Water Safety Guidelines this Summer
As we move out of lockdown more and more people are taking to the beaches and lakes for day trips and stay-cations. However, whilst it is fun to take a dip in the water, it is vital stay safe at all times. An average of 120 drownings occur in Ireland every year, the vast majority of which are men. In the past 10 years 30 children aged 14 and under have drowned in Ireland (https://watersafety.ie/statistics/). Read our water safety tips so that wherever you go this summer, be it the lake, beach or pool, you will be able to enjoy yourself in the water without the fear of accidents or casualties.
Always supervise your child
Children should always be supervised in the water. It may be tempting to think that they will be safe if they’re wearing a rubber ring or armbands but you should never rely on a buoyancy aid or inflatables. As a Leisure Centre Manager I have witnessed these dangers first-hand many times. I have seen children jumping into pools and armbands slipping off, I have often observed inflatables tip and children struggle to right themselves, these things can be very dangerous. Always ensure you are in the water, within reaching distance. However, it’s not just in swimming pools, beaches, lakes and rivers that children require supervision. You should never leave them unattended in baths or paddling pools and always oversee with any form of water play.
Swimming pools have various depths and it can be easy to misjudge where the shallow end stops and the deep end suddenly starts. Before you use any pool for the first time ensure you know the pool depths. If there is no signage then ask the lifeguard or supervisor. Drowning can happen extremely quickly and usually silently, without any obvious signs of a struggle. Furthermore, a child can drown in just 2 cm of water, which is barely deeper than some puddles and significantly shallower than the average paddling pool.
Teach your child basic swim safety
Start teaching your children to recognise and observe water safety signs such as no diving, no swimming or deep water as early as possible. Signs and rules are there to protect you. Also, teach them to always follow the guidance given by lifeguards at pools and indicated by flags at the beach. Speak to your children about staying safe in ponds, rivers, lakes and the beach and always prevent them from diving into any unknown depths. These basic lessons can be real life savers.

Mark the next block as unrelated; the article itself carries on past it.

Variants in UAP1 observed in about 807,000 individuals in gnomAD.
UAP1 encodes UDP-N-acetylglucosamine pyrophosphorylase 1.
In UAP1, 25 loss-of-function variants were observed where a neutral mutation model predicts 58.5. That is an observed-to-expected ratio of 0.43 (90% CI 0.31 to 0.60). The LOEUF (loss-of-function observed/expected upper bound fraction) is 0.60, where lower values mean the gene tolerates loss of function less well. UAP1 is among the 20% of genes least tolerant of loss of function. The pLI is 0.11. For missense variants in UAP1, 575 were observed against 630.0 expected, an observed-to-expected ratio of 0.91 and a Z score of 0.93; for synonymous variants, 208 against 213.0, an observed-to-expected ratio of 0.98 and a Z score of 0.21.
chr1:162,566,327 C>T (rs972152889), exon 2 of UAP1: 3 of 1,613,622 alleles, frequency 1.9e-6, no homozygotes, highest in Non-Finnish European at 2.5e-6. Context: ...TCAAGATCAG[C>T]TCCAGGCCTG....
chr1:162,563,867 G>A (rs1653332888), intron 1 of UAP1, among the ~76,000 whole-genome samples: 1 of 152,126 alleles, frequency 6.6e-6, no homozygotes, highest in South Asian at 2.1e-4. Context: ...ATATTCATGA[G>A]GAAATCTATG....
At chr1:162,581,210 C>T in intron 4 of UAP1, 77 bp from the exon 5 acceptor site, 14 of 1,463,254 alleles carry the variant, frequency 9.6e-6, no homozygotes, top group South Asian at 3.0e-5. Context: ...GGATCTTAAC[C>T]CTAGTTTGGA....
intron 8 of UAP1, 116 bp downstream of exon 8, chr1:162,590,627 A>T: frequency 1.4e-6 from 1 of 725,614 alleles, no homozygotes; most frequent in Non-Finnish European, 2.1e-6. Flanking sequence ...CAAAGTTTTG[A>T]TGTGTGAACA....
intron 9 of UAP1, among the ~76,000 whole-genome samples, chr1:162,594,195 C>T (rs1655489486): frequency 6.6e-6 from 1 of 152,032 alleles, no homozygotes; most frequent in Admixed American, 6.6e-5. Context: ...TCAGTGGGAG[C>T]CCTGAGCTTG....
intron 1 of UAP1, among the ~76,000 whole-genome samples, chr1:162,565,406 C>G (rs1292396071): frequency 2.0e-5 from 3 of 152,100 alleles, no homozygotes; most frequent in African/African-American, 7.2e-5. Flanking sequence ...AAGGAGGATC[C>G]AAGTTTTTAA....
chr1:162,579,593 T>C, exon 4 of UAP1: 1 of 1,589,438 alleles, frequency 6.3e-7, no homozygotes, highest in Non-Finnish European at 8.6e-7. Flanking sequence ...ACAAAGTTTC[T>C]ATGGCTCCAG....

In addition to this I would urge all parents to teach children to swim from an early age as this really is an essential lifesaving skill.
Water safety guidelines for older children, teenagers and adults
Adventurous water sports such as kayaking and surfing are increasingly popular during the summer break. Riskier activities such as diving into the sea from cliffs or tomb-stoning often happen in the holidays and pose many risks.
Tomb-stoning is the act of jumping in a straight, upright vertical posture into the sea or other water from a high jumping platform, such as a cliff, bridge or harbor edge. Tomb-stoning and cliff jumping is particularly dangerous as water depth can be unpredictable as it changes with the tide. Water can often be shallower than it appears from above. Water can also be murky hiding hazards such as rocks or sharp objects. This is a high-risk activity which has resulted in fatalities or injuries, such a spinal and limb injuries. As parents it is important to educate children on these dangers to make them far more risk aware and more sensible and cautious when approaching these dangerous activities.
Currents are one of the greatest hazards to all beach goers. They can sweep even the strongest swimmer out to sea but are particularly dangerous for weak and non-swimmers.
Whilst hot summer sun can make a cooling dip tempting, the sudden change in temperatures from hot to cold can make it difficult to swim. Cold water shock triggers the fight and fright response when someone enters cold water. Cold water shock causes panic and this can lead to drowning.
Open water swimming can be extremely dangerous without suitable training, equipment and supervision. Open water is cold, it can be difficult to find an easy place to get out of the water and there are hidden dangers such as weeds and debris beneath the surface that you can easily get caught up in and can pull you under. Even the most confident of swimmers can come across difficulties in open water. If you are planning on swimming in open water always have someone with you, don’t swim alone.
How you can help if you think someone is drowning
- Dial 112/999.
- Never put yourself in danger, always think of your own safety first.
- Throw a buoyancy aid to them, and only go in if you have been trained how to help someone.
- A drowning and panicking casualty can quickly pull you under making two casualties.
- If the rescue is too dangerous, wait until the emergency services arrive.
Donegal Safety Services Ltd offers this information for guidance and it is not in any way a substitute for medical advice. Donegal Safety Services Ltd is not responsible or liable for any diagnosis made, or actions taken based on this information. It is strongly advised that you attend a First Aid course to gain an understanding of what to do in a medical emergency.